Thursday, April 4, 2013

Bullying is subject of books, audio resources

On Tuesday I viewed an ALA Booklist webinar, “No Name Calling: Addressing Bullying Through Books.” Moderated by Booklist associate editor Annie Kelley, the webinar featured a presentation by Emily Bazelon, author of Sticks and Stones: Defeating the Culture of Bullying and Rediscovering the Power of Character and Empathy (Random House, 2013).

"Sticks and Stones" by Emily Bazelon
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According to Bazelon, it’s important to use stories to increase children’s empathy. In her book, Bazelon said, she asks a series of questions “why” people behaved as they did, but not to excuse or blame their behavior. Rather, stories help identify nuances in situations where good and bad are not always clearly defined.

Cheryl Herman, marketing director of Listening Library and Books on Tape, drew attention to children’s and young adult audio books that address bullying, highlighted at Titles mentioned by Herman included Eleanor & Park by Rainbow Rowell, The Tragedy Paper by Elizabeth Laban, S.E. Hinton’s The Outsiders and Blubber by Judy Bloom.

Among the titles, I had most recently read Scrawl by Mark Shulman. What I found interesting about this book is that there was more than one bully and the bullies had different motivations. Tod took other students’ lunch money because his family was poor. But Tod in turn was being cyber-bullied; a student named Greg with power and privilege was posting humiliating videos of Tod on the Internet.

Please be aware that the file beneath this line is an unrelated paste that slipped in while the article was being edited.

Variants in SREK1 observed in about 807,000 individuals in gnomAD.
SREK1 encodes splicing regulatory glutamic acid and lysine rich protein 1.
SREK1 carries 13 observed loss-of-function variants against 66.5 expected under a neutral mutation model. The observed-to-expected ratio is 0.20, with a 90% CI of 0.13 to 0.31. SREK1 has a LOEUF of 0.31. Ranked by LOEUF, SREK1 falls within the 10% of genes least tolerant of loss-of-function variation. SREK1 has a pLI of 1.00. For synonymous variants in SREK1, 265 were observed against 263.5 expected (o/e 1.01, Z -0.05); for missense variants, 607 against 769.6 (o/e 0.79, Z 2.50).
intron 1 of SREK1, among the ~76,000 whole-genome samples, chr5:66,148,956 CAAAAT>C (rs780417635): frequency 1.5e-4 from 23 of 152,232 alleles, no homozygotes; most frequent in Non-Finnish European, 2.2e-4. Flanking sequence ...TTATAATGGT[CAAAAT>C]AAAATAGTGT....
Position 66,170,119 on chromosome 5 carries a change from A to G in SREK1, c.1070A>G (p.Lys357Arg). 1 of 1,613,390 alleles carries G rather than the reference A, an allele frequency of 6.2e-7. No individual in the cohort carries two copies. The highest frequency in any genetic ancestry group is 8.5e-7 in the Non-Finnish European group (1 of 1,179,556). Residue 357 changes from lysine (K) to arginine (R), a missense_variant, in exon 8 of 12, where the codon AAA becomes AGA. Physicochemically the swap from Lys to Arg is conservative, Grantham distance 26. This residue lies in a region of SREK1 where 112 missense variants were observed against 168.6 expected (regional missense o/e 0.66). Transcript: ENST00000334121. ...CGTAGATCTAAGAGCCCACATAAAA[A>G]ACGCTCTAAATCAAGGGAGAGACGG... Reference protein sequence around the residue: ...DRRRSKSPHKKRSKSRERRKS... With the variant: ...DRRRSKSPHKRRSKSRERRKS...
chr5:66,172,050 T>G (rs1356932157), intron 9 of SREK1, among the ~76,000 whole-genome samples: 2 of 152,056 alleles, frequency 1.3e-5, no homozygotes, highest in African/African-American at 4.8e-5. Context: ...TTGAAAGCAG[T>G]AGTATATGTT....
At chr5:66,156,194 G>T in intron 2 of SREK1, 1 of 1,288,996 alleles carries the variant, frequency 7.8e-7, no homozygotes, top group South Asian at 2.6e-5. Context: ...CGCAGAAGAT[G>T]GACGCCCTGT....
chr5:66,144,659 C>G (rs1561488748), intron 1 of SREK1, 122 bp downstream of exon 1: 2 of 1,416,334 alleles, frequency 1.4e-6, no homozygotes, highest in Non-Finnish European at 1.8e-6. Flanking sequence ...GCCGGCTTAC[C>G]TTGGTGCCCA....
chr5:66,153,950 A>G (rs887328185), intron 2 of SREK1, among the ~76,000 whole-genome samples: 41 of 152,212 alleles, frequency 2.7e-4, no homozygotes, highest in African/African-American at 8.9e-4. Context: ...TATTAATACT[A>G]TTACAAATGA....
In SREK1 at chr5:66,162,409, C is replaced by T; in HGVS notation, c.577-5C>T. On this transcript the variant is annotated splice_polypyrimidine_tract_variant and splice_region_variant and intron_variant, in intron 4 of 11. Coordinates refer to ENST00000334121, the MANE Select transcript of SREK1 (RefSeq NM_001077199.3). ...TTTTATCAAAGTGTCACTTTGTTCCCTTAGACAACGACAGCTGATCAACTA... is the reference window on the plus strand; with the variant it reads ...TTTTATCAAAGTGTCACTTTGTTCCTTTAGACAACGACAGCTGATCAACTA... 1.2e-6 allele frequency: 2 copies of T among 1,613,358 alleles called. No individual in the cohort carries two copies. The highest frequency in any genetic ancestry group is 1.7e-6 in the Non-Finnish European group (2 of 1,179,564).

Herman seconded Bazelon’s belief in the power of stories, saying literature is a perfect tool for teaching empathy. An interview with Bazelon is featured at

Judy Galbraith, president and founder of Free Spirit Publishing, highlighted books and resources that address bullying from perspectives of the target, bystander and bully. I believe bystanders play an important part in prevention of bullying and I appreciate that perspective being advocated during the webinar.

Titles highlighted by Galbraith include Vicious, an anthology of true stories by teens about bullying from a variety of perspectives and Teen Cyberbullying Investigated, cases compiled by Judge Thomas A. Jacobs that examine rights and consequences related to online speech and cyberbullying. A companion website allows readers to “Ask the Judge.”

Carrie Gleason, editor of Lorimer, was the final presenter.

Deal With It is a conflict resolution series for ages 9 to 12. Many titles address bullying and role playing is key in the books according to  Gleason.

In each book, the “101” section defines principles, tests knowledge and challenges assumptions about the topic. Sections in the books examine the perspectives of the target, bully and bystander. Gleason said the books can be used one-on-one or in small groups. Resource guides are available free as PDFs from the website.

The presentations were accompanied by slides highlighting the books about bullying.

Taking place on Tuesday, the webinar coincided with World Autism Day. Children with autism experience high rates of bullying, which gave the webinar personal relevance. I could also directly speak to points raised during the webinar about long-term effects of bullying.

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